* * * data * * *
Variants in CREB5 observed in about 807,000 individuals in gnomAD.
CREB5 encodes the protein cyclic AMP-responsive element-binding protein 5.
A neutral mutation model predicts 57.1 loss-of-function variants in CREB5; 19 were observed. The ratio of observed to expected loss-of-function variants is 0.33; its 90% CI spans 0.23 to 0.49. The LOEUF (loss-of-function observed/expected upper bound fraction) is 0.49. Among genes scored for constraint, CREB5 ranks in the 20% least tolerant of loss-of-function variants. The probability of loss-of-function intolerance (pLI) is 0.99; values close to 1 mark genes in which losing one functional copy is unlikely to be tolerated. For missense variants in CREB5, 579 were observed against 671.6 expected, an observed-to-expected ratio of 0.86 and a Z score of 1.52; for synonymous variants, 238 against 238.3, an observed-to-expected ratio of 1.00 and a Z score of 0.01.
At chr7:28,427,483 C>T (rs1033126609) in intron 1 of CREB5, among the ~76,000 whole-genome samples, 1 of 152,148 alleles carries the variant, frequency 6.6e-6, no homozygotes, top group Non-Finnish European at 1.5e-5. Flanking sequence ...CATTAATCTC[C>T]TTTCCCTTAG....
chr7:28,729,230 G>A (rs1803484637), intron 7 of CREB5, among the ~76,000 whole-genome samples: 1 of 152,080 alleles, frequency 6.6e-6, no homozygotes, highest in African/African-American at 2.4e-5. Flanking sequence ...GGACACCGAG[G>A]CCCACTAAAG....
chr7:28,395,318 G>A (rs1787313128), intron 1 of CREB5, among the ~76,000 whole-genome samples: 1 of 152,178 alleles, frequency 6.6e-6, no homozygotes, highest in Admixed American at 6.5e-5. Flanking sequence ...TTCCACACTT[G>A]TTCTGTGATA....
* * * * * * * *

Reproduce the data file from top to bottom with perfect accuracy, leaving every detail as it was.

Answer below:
Variants in CREB5 observed in about 807,000 individuals in gnomAD.
CREB5 encodes the protein cyclic AMP-responsive element-binding protein 5.
A neutral mutation model predicts 57.1 loss-of-function variants in CREB5; 19 were observed. The ratio of observed to expected loss-of-function variants is 0.33; its 90% CI spans 0.23 to 0.49. The LOEUF (loss-of-function observed/expected upper bound fraction) is 0.49. Among genes scored for constraint, CREB5 ranks in the 20% least tolerant of loss-of-function variants. The probability of loss-of-function intolerance (pLI) is 0.99; values close to 1 mark genes in which losing one functional copy is unlikely to be tolerated. For missense variants in CREB5, 579 were observed against 671.6 expected, an observed-to-expected ratio of 0.86 and a Z score of 1.52; for synonymous variants, 238 against 238.3, an observed-to-expected ratio of 1.00 and a Z score of 0.01.
At chr7:28,427,483 C>T (rs1033126609) in intron 1 of CREB5, among the ~76,000 whole-genome samples, 1 of 152,148 alleles carries the variant, frequency 6.6e-6, no homozygotes, top group Non-Finnish European at 1.5e-5. Flanking sequence ...CATTAATCTC[C>T]TTTCCCTTAG....
chr7:28,729,230 G>A (rs1803484637), intron 7 of CREB5, among the ~76,000 whole-genome samples: 1 of 152,080 alleles, frequency 6.6e-6, no homozygotes, highest in African/African-American at 2.4e-5. Flanking sequence ...GGACACCGAG[G>A]CCCACTAAAG....
chr7:28,395,318 G>A (rs1787313128), intron 1 of CREB5, among the ~76,000 whole-genome samples: 1 of 152,178 alleles, frequency 6.6e-6, no homozygotes, highest in Admixed American at 6.5e-5. Flanking sequence ...TTCCACACTT[G>A]TTCTGTGATA....